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Meeting, getting to know, and generally hobnobbing with the people you meet throughout a lifetime of travels and adventures.

Tactics Tuesdays: The Disruptor Destroyer

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disruptor destroyerSo some guy wants to disrupt your conversation with a girl, either to talk to you or to take her for himself. If you can’t ignore him, what can you do? Destroy him!

Quick little tactic that absolutely wrecks anyone trying to butt into your conversation with a girl.

Every guy's been talking to a girl only to have some random dude rudely interrupt his conversation, either trying to talk to him or trying to talk to the girl.

Sometimes it's because the interloper is uncalibrated and just wanted to talk to you or her but did not know how to wait properly for an opening in the conversation to jump in.

Other times it may be because the interloper directly wants to steal your girl, and he's hoping to peel her off you, or to peel you offer her (either so his wingman can talk to her, or so he can back-turn you once he's gotten you to break circle and turn his attention to the girl, with you now out of the conversation).

My normal recommendation (and normal policy) is to just ignore the guy (see: Dealing with Disruptive Men).

Most guys won't be able to break into a conversation if you don't acknowledge them, especially if the girl is into you enough to follow your lead and ignore the guy so long as you're ignoring him too.

But what do you do if the guy is really loud, aggressive, and in your face?

What do you do if he approaches the girl first, and you can see she's about to crack and break circle to engage with him?

There's an alternate tactic you can use -- something of a disruption Plan B -- if you're quick enough on your feet.

I call it the 'Disruptor Destroyer'.

How to Deal with Opinionated People

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opinionated peoplePeople have all kinds of aggressive, often ignorant opinions. About everything! To deal with this without losing your head, you must first put things into perspective.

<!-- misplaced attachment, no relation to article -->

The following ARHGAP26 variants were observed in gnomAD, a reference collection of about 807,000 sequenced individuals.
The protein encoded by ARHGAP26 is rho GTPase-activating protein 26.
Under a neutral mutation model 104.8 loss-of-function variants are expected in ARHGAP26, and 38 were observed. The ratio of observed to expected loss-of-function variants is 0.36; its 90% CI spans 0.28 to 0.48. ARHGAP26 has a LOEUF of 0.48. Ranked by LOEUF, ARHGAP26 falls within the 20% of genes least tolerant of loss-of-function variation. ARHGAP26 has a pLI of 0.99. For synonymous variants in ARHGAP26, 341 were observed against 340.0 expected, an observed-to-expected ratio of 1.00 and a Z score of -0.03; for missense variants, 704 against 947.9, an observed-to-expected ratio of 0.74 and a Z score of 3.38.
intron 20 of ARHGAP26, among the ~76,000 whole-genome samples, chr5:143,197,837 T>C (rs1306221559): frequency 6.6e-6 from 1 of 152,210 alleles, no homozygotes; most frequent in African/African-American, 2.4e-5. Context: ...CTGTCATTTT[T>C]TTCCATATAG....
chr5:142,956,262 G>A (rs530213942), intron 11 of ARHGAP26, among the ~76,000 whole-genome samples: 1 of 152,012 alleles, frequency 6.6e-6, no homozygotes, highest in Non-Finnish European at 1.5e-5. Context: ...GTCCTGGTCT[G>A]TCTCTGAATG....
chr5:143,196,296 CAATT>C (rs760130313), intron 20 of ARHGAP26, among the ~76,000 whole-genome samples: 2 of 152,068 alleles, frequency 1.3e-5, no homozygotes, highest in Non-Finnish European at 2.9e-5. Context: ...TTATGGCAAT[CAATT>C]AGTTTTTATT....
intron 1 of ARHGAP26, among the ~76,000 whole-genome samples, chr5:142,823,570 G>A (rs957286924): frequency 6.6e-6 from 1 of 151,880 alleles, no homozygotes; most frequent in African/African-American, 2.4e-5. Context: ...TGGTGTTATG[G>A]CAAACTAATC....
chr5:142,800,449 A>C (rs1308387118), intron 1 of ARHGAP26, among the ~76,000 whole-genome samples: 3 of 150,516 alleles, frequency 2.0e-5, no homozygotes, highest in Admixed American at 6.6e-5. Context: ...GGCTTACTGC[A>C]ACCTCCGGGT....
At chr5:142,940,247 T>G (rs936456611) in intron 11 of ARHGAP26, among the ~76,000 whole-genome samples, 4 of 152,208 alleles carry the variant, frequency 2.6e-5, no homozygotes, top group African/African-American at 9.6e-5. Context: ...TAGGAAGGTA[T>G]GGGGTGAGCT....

Decidedly on the rise is the profusion of aggressively opinionated people.

You know, those people who will get in your face, flaunt their opinions at you and, with little manners or decorum, do their very best to bait you into either agreeing with them or outing yourself as one of 'the bad ones' who believes not as they do.

Regardless of your set of beliefs (on any of a range of items), you can probably agree that there are many of both the people who agree for the most part with you and those who really don't agree with you who hold rigid, inflexible opinions about a great many things.

If you're a critical thinker, you can probably also admit that most people -- even most of those who agree with you -- hold only shallow understandings of the positions they purport to hold, and are far more emotionally attached to their positions than they are logically secure in them.

This is a human tendency, to form emotional attachments to views, often with only a superficial eye cast toward any kind of objective underpinning of said views. Opinionated, impassioned, yet superficial arguments are annoying to everyone, but they're especially annoying if you're a critical thinker.

There's little worse for critical thinkers than to find oneself in a debate with someone demanding he unquestioningly accept the veracity of a flimsily-supported position or else be forever damned as evil incarnate (or perhaps just stupid, brainwashed, or uninformed).

This article won't be about any particular current events or hot button issues, and if you comment I'd urge you to keep to the spirit of that here too.

Instead, its focus is on dealing with opinionated people: both avoiding pointless entanglements with them as well as preserving your own sanity despite maddening insistence you agree to the unreasonable or be damned.

Friends Who Value You Less Than You Do Them

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friend value imbalancesYou may have friends you feel you need more than they need you. Why does this happen with friends, and what can you do to make it a realer, more equal friendship?

A week ago on the forum one of our members asked me about friends who seemingly value you less than you do them / friends who seem to need you less than you need them.

I'll share part of his post here:

I consider myself a high value guy who’s good with girls , has good conversational skill and a good business he’s built - which does not mean I can’t improve, quite the opposite. Just that I have trouble thinking my problem is value.

but I do struggle with friendships and have a doubt I am not being respected.

How selective should you be with your friends ? How do you build abundance ?

I have about 8-9 people i consider pretty cool that I can go out with 1-2 a month ( some I can see 1-2 a week some I can see once every 2 months).

This feeling that I am more invested in the friendship than they are…

…and that I would like to see them more than they would like to see me bothers the fuck out of me.

I hate this feeling of neediness almost as much as I hated not having abundance with girls.

At the time i discovered that if I hit the streets and bars i only needed 10-20 approaches to bang a cute girl … and that feeling disappeared.

So my question isn’t only how to make new friends but rather, why aren’t all these guys as invested as I am in our ‘ friendship ‘ ?

Is that a respect and value problem ? Or did I target people who don’t go out as much.

First off, let me say I can relate, as I think most people can; unless all your friends are very close, old friendships, you probably have people you're friends with whom you aren't certain value you as highly as you do them.

This feeling is worse when ALL your friends are relatively recent friends.